There are many ways to transfer your preliminary sketch onto the final working surface.
Some people use the grid method, others light boxes, etc. I find the grid method
too time-consuming. I do use a light box for my drawings, but in this case the working
surface was too thick for it, so what I did was scan my sketch into Photoshop, flip
it horizontally, scale it to the exact size I needed (8x10”), and print it out. I
then traced the sketch onto a sheet of tracing paper with a 2B pencil, lay it face
down onto my final working surface (a cold-press Arches art board), and gently rubbed
over it so the pencil lines transferred onto the board. Some people do this with
their fingernail, but I prefer a 2H pencil, as the transfer lines turn out more precise.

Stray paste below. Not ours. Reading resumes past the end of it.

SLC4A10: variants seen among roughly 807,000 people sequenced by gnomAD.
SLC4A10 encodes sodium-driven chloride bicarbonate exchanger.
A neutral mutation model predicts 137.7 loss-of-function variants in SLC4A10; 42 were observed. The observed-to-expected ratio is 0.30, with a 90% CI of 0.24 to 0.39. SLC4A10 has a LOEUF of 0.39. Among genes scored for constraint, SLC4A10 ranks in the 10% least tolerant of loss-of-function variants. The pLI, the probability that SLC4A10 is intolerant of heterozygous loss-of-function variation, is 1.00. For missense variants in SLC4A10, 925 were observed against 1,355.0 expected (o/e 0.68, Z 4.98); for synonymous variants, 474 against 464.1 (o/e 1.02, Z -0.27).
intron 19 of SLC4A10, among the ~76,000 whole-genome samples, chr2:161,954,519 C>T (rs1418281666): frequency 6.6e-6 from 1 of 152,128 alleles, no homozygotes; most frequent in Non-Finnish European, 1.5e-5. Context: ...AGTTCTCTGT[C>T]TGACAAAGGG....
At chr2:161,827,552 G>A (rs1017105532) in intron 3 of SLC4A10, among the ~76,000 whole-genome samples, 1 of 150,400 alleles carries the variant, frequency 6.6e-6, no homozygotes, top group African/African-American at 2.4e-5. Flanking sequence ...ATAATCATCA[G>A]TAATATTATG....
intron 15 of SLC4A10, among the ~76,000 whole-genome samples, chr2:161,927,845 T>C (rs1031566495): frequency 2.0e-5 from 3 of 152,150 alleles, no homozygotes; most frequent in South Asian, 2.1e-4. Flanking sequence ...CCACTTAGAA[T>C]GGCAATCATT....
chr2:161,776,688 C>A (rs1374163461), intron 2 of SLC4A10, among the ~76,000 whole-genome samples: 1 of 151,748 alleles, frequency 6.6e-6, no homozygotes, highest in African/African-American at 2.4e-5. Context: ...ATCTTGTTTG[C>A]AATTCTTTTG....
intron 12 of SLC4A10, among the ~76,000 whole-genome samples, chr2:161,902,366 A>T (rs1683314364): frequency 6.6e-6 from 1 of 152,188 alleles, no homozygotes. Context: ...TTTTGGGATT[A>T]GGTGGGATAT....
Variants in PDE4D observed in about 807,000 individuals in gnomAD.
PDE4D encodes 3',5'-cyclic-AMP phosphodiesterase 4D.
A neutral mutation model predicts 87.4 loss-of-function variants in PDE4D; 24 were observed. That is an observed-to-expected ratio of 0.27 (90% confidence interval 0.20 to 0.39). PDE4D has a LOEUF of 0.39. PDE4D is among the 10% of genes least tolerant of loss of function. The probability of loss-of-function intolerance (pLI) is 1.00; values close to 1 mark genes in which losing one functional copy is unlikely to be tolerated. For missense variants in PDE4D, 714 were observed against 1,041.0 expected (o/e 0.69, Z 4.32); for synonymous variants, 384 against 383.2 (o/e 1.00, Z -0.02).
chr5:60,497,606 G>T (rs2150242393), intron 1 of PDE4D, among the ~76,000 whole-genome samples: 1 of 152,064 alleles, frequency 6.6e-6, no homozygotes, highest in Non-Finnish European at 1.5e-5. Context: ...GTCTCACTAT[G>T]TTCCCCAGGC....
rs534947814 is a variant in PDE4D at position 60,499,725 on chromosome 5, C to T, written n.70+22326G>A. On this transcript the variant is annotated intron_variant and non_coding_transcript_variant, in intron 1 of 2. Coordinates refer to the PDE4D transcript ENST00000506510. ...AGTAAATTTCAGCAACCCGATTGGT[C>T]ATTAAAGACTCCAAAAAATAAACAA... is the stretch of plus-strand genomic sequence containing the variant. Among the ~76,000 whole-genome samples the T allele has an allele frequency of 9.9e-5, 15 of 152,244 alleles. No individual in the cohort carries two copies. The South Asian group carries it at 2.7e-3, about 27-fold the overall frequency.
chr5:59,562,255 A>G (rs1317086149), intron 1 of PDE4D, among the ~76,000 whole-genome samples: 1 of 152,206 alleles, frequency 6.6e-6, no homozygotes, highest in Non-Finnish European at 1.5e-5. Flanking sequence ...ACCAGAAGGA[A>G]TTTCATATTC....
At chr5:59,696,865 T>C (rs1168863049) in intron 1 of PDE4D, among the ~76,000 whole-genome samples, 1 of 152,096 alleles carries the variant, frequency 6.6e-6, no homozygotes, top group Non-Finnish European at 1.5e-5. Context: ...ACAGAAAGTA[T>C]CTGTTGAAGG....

You must be careful during this stage. If the tracing moves even a fraction while
you’re transferring, you’ll have to start over. I tape the tracing to the board with
some acid-free artist’s tape to keep it in place.
Note: normally, I give my paintings a 1/2” border, which is achieved by putting artist’s
tape on the edges, but this one was so small that I decided to forego it.
I wanted this piece to have the look and feel of traditional Chinese watercolor paintings,
so I erased the preliminary design on the girl’s dress and dug into my reference
folder for some traditional Chinese fabric patterns. The background was also inspired